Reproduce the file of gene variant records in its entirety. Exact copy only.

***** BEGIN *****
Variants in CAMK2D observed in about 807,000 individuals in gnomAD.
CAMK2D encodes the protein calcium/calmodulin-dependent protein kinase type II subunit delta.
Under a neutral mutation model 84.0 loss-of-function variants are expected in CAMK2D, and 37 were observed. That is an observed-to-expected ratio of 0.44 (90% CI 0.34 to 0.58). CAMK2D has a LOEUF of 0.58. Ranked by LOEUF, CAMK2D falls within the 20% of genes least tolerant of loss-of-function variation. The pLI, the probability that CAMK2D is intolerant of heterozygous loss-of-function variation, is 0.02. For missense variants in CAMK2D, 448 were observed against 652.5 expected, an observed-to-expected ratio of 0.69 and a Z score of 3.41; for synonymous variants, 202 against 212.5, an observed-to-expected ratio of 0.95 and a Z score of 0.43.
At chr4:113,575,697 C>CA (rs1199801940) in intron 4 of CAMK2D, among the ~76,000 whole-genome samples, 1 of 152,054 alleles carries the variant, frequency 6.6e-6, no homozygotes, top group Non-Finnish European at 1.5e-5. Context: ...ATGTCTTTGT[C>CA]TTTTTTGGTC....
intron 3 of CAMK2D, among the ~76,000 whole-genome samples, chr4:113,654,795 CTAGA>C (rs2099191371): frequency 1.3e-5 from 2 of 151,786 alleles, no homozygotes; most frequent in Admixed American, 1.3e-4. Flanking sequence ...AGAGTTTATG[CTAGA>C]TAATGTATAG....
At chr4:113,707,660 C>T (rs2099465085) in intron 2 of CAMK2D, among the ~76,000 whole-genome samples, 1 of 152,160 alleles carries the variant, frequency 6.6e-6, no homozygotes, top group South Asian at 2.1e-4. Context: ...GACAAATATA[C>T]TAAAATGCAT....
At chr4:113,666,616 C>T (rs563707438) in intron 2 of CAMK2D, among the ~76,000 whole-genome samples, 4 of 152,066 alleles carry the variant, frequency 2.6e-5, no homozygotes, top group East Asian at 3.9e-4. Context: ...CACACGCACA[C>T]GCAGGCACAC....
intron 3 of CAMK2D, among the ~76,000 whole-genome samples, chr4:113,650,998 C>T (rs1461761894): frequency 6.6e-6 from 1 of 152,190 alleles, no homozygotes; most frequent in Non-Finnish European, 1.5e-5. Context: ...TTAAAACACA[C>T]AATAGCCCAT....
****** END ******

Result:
Variants in CAMK2D observed in about 807,000 individuals in gnomAD.
CAMK2D encodes the protein calcium/calmodulin-dependent protein kinase type II subunit delta.
Under a neutral mutation model 84.0 loss-of-function variants are expected in CAMK2D, and 37 were observed. That is an observed-to-expected ratio of 0.44 (90% CI 0.34 to 0.58). CAMK2D has a LOEUF of 0.58. Ranked by LOEUF, CAMK2D falls within the 20% of genes least tolerant of loss-of-function variation. The pLI, the probability that CAMK2D is intolerant of heterozygous loss-of-function variation, is 0.02. For missense variants in CAMK2D, 448 were observed against 652.5 expected, an observed-to-expected ratio of 0.69 and a Z score of 3.41; for synonymous variants, 202 against 212.5, an observed-to-expected ratio of 0.95 and a Z score of 0.43.
At chr4:113,575,697 C>CA (rs1199801940) in intron 4 of CAMK2D, among the ~76,000 whole-genome samples, 1 of 152,054 alleles carries the variant, frequency 6.6e-6, no homozygotes, top group Non-Finnish European at 1.5e-5. Context: ...ATGTCTTTGT[C>CA]TTTTTTGGTC....
intron 3 of CAMK2D, among the ~76,000 whole-genome samples, chr4:113,654,795 CTAGA>C (rs2099191371): frequency 1.3e-5 from 2 of 151,786 alleles, no homozygotes; most frequent in Admixed American, 1.3e-4. Flanking sequence ...AGAGTTTATG[CTAGA>C]TAATGTATAG....
At chr4:113,707,660 C>T (rs2099465085) in intron 2 of CAMK2D, among the ~76,000 whole-genome samples, 1 of 152,160 alleles carries the variant, frequency 6.6e-6, no homozygotes, top group South Asian at 2.1e-4. Context: ...GACAAATATA[C>T]TAAAATGCAT....
At chr4:113,666,616 C>T (rs563707438) in intron 2 of CAMK2D, among the ~76,000 whole-genome samples, 4 of 152,066 alleles carry the variant, frequency 2.6e-5, no homozygotes, top group East Asian at 3.9e-4. Context: ...CACACGCACA[C>T]GCAGGCACAC....
intron 3 of CAMK2D, among the ~76,000 whole-genome samples, chr4:113,650,998 C>T (rs1461761894): frequency 6.6e-6 from 1 of 152,190 alleles, no homozygotes; most frequent in Non-Finnish European, 1.5e-5. Context: ...TTAAAACACA[C>T]AATAGCCCAT....